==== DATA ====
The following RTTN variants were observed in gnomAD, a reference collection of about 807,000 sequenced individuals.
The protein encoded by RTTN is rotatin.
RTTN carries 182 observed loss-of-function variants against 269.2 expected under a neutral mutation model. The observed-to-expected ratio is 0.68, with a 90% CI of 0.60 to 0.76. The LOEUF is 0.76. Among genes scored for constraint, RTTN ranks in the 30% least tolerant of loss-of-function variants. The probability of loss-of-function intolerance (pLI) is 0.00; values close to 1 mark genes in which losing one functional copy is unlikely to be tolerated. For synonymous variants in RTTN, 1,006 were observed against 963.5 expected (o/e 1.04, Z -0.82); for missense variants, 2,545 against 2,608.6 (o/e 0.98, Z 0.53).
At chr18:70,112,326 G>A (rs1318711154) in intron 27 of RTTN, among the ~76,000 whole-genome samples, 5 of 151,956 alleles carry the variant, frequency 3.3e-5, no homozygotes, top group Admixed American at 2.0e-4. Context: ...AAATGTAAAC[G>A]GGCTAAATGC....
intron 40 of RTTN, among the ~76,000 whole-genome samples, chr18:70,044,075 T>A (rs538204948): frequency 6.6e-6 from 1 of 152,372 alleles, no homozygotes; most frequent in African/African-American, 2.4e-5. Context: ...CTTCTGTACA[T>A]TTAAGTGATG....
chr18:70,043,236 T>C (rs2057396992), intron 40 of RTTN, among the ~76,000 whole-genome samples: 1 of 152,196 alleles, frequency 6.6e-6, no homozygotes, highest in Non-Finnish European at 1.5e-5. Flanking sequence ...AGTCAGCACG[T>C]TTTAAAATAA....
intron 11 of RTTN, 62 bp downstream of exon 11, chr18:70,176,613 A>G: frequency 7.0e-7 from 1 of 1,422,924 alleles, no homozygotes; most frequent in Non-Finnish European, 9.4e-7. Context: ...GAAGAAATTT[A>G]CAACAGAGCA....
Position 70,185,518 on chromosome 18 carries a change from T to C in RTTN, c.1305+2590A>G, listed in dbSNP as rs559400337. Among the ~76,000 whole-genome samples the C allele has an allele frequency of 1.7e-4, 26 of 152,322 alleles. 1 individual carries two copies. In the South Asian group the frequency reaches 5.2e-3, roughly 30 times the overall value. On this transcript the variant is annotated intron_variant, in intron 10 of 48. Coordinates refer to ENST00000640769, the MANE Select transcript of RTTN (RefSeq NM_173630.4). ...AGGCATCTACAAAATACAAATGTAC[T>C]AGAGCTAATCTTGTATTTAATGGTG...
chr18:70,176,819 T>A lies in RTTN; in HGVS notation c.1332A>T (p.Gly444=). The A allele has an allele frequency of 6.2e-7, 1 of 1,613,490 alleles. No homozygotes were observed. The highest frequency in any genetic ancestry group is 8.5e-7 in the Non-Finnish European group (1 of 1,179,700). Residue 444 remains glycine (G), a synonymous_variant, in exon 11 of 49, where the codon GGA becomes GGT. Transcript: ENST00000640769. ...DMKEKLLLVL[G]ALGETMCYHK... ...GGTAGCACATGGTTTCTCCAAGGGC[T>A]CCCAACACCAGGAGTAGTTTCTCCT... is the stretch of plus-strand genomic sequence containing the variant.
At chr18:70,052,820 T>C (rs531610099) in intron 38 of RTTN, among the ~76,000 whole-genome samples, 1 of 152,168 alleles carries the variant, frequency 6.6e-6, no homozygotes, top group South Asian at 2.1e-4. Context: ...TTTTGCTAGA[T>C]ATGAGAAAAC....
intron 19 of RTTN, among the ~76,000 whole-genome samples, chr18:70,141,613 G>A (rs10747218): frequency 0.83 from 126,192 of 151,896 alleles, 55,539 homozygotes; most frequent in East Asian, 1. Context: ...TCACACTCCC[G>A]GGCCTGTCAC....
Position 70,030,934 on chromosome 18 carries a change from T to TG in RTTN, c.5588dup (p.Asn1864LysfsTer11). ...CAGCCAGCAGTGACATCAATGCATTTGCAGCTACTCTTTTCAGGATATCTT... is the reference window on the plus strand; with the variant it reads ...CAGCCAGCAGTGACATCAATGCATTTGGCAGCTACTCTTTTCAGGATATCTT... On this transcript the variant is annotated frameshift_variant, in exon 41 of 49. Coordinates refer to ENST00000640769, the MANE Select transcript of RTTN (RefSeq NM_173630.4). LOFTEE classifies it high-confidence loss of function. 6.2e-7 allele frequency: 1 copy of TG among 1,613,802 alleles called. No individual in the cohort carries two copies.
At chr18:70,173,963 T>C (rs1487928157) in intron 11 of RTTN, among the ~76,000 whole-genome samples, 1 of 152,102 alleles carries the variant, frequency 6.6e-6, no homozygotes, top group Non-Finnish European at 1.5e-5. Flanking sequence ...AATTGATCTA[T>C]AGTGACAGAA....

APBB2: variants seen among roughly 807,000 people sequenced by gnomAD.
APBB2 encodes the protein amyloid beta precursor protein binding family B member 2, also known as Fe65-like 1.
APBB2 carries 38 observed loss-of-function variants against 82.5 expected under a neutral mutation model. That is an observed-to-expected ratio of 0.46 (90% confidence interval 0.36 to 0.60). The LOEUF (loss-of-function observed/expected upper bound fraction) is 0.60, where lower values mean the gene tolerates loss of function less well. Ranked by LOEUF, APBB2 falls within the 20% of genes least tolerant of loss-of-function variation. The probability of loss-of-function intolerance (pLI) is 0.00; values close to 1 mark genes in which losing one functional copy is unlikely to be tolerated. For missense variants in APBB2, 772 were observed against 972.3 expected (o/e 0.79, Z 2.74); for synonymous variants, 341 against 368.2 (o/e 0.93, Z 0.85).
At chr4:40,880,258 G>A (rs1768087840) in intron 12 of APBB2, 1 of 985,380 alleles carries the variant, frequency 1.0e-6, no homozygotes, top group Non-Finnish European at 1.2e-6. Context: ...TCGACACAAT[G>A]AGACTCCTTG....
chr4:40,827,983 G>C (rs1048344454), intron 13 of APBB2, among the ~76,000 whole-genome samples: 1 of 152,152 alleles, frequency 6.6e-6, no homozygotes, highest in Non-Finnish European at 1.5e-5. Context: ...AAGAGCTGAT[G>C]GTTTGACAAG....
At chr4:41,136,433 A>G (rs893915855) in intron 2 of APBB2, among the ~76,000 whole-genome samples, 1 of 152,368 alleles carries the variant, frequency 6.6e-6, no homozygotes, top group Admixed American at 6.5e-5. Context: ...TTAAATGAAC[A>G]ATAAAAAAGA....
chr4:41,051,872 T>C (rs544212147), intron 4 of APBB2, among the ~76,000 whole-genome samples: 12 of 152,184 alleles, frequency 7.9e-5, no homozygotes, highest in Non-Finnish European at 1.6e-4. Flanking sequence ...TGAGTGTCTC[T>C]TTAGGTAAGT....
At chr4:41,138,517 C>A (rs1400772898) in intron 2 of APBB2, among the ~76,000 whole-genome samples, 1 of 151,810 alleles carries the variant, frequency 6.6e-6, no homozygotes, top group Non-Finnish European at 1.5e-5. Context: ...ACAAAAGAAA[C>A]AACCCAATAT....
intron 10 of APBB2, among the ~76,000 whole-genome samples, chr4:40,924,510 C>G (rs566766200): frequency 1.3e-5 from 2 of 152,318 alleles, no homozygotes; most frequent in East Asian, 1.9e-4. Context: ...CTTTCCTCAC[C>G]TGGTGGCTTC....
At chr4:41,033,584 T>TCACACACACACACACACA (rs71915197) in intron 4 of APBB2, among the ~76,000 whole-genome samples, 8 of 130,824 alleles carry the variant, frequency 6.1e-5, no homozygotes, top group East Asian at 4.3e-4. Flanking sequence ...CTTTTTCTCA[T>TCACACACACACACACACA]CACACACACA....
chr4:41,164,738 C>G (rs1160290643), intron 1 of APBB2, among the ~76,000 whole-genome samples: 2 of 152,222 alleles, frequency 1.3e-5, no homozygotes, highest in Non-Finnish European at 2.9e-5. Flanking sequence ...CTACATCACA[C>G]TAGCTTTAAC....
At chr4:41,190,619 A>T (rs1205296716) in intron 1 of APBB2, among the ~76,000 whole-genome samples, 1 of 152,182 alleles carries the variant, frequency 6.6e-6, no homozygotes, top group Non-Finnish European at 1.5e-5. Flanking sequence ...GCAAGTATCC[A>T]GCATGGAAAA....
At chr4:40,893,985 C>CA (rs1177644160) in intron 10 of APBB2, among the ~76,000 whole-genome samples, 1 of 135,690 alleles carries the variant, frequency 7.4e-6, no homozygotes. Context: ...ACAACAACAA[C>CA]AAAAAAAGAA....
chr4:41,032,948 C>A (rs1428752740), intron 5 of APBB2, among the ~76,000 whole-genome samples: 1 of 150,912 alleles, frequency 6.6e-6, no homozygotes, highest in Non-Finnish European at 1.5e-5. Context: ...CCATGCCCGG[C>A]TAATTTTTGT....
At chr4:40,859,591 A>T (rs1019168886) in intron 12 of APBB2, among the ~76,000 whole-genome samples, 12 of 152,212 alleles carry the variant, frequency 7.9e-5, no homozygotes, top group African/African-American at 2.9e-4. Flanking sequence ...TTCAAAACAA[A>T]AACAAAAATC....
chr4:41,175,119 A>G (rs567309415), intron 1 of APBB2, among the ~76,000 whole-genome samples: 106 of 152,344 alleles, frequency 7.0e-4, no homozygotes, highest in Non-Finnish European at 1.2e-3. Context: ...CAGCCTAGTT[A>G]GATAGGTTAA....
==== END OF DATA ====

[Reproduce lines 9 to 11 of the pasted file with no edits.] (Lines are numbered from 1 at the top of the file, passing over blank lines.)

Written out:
chr18:70,176,819 T>A lies in RTTN; in HGVS notation c.1332A>T (p.Gly444=). The A allele has an allele frequency of 6.2e-7, 1 of 1,613,490 alleles. No homozygotes were observed. The highest frequency in any genetic ancestry group is 8.5e-7 in the Non-Finnish European group (1 of 1,179,700). Residue 444 remains glycine (G), a synonymous_variant, in exon 11 of 49, where the codon GGA becomes GGT. Transcript: ENST00000640769. ...DMKEKLLLVL[G]ALGETMCYHK... ...GGTAGCACATGGTTTCTCCAAGGGC[T>A]CCCAACACCAGGAGTAGTTTCTCCT... is the stretch of plus-strand genomic sequence containing the variant.
At chr18:70,052,820 T>C (rs531610099) in intron 38 of RTTN, among the ~76,000 whole-genome samples, 1 of 152,168 alleles carries the variant, frequency 6.6e-6, no homozygotes, top group South Asian at 2.1e-4. Context: ...TTTTGCTAGA[T>C]ATGAGAAAAC....
intron 19 of RTTN, among the ~76,000 whole-genome samples, chr18:70,141,613 G>A (rs10747218): frequency 0.83 from 126,192 of 151,896 alleles, 55,539 homozygotes; most frequent in East Asian, 1. Context: ...TCACACTCCC[G>A]GGCCTGTCAC....